Using Twitter Content to Predict Psychopathy

An ever-growing number of users share their thoughts and experiences using Twitter, and even though Twitter posts contain a small amount of content to convey significant information these messages can be combined to build a larger picture of the user posting them.

Losing the Meaning of Privacy

By Fabiano Strey

The meaning of privacy does not change from one day to the other, and should actually never change. However, it looks like that nowadays people forgot what privacy is or simply does not care anymore, mainly on the online world.

Psychopaths On Twitter

By Toby McCasker
AskMen | 1 November 2012

If you’re not on Twitter, though, your risk of having your vivisected body dissolved in a bathtub full of lime in Hell’s Kitchen is also dramatically reduced.

World’s Top Data Scientists Open Doors To Big-Cash Contests

By Parmy Olson
Forbes | 13 September 2012

Xavier Conort is a French-born actuary who runs a consultancy in Singapore. When he’s not assessing risk as part of his day job, he’s competing in global, online contests. It’s not poker or gaming, but still a sport of aggressive mental display: creating algorithms that could predict whether you or I will default on a loan, like a song or make a health insurance claim.

These contests are run by Kaggle, a platform for companies and organizations who offer cash prizes for predictive models.

Can Twitter Tell If You’re a Psychopath?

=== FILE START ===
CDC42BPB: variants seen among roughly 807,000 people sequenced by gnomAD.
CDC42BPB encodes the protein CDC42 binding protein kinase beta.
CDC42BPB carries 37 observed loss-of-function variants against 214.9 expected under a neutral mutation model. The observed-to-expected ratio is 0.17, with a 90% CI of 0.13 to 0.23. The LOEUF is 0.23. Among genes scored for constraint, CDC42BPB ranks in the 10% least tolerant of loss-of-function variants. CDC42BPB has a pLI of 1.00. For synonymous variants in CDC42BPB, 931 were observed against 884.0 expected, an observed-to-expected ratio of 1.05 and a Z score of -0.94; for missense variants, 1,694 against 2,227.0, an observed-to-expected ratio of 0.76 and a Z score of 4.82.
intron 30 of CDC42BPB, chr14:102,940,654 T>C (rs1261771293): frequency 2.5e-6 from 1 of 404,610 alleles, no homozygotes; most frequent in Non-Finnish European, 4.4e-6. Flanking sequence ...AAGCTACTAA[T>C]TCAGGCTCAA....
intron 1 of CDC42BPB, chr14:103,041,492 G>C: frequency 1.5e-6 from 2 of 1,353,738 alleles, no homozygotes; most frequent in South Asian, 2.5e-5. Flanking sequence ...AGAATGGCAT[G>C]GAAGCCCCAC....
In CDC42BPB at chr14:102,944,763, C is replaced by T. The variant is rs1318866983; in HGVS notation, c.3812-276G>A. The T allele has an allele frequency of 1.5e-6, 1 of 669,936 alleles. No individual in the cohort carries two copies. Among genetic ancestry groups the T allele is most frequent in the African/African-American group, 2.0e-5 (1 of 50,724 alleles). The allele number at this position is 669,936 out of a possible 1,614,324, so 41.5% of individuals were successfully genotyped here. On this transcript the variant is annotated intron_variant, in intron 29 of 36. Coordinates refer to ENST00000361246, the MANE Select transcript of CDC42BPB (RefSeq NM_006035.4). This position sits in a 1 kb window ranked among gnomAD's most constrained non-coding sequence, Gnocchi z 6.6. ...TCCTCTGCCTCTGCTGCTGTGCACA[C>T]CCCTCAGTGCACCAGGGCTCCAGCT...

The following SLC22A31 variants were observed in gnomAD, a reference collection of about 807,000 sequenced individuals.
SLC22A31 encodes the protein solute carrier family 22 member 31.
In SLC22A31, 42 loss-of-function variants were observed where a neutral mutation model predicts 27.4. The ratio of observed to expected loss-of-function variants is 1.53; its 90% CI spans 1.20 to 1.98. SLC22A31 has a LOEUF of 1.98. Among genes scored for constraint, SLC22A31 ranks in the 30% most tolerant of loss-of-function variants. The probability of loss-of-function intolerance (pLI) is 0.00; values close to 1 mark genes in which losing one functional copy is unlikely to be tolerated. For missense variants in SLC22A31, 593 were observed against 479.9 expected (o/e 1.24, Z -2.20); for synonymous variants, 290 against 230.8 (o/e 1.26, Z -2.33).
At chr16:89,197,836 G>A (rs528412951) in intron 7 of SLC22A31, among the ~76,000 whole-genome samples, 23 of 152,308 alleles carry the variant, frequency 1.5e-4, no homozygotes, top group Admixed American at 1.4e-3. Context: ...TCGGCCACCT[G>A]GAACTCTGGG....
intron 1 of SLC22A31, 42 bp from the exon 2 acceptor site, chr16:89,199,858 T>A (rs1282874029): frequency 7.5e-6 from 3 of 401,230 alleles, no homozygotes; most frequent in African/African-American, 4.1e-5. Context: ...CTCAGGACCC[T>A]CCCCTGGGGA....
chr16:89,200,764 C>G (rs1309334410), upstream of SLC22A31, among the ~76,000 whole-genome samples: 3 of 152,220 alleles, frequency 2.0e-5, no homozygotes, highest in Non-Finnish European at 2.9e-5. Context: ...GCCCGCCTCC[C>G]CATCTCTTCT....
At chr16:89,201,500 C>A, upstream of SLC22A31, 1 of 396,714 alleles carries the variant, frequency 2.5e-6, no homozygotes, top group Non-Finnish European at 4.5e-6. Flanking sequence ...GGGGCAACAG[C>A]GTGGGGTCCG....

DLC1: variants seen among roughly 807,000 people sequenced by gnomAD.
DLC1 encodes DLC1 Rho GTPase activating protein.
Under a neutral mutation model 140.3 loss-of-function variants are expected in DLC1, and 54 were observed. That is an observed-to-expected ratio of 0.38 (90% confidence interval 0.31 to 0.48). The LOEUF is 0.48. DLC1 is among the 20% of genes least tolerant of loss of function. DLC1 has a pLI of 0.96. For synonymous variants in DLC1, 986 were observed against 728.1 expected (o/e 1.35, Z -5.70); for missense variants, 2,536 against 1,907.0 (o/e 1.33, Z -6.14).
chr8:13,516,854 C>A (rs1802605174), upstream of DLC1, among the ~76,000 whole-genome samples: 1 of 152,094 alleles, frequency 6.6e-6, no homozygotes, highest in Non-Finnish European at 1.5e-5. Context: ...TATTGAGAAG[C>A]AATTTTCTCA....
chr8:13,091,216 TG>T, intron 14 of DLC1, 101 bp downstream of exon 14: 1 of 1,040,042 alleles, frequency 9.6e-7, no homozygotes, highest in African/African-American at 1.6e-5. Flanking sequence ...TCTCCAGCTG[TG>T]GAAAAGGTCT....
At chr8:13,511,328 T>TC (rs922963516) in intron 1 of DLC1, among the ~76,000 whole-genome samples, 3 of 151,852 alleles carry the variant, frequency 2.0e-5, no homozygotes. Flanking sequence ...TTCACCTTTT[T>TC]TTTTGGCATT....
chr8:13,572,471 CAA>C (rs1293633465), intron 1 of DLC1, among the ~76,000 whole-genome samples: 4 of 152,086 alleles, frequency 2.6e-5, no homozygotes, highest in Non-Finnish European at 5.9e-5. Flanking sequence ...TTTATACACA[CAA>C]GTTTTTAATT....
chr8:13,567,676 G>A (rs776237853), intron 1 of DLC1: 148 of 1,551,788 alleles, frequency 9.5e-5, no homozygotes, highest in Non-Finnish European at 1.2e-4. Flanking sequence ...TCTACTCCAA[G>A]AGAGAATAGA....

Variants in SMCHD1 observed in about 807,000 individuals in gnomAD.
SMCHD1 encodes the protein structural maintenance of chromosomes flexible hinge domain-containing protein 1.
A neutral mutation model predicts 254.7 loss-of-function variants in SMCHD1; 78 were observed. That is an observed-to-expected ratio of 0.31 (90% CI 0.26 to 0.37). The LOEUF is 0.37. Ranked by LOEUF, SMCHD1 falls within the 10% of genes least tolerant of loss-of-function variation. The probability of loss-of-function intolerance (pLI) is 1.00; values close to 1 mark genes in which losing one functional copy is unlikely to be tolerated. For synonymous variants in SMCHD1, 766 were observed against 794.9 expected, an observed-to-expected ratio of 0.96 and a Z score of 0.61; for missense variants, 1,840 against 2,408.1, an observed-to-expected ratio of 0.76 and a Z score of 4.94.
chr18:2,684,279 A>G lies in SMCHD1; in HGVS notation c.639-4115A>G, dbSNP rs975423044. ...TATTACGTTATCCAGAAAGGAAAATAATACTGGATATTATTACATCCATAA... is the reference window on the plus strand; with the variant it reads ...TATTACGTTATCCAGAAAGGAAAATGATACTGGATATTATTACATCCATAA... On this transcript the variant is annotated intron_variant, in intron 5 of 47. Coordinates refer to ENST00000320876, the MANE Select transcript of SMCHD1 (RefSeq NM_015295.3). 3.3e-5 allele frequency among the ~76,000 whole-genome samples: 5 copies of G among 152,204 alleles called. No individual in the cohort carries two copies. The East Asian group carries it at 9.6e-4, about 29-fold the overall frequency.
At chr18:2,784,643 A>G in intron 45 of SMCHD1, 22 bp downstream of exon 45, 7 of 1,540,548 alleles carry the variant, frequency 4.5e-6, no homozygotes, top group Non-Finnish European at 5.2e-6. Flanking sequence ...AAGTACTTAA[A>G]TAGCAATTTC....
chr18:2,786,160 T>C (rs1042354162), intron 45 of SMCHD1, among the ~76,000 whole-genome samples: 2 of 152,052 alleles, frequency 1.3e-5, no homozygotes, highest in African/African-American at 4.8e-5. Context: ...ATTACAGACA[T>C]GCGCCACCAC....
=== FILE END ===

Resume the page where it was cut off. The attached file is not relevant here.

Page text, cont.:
By Mike Wehner
Mashable | 29 August 2012

There are probably a few people on your Twitter feed or Facebook friends list that you consider “crazy,” and a new study by says you might be right.

These Researchers Think They Can Identify Psychopaths From Their Tweets [STUDY]

By Lauren Dugan
mediabistro | 29 August 2012

Think you’re playing safe with your tweets? Think again.

Are your tweets full of $#@*? You might be a psychopath

By Hamish McNicol
The New Zealand Herald | 28 August 2012

Using foul language in your tweets indicates you are a psychopath, a new study shows.

Tweets can reveal psychopaths

By Times of India
The Times of India | 28 August 2012

You can use Twitter postings to spot whether someone is a psychopath, especially if he frequently uses words such as ‘die’, ‘kill’ and ‘bury’, a new research has claimed.

How your tweets may prove you’re a psychopath

By Chris Matyszczyk
c|net News| 27 August 2012

Scientists believe that using words like “die” and “bury” on Twitter indicate that you might have very difficult tendencies.

Are you a psychopath? Scientists say it all depends on your TWEETS

By Alex Gore
Daily Mail Online | 27 August 2012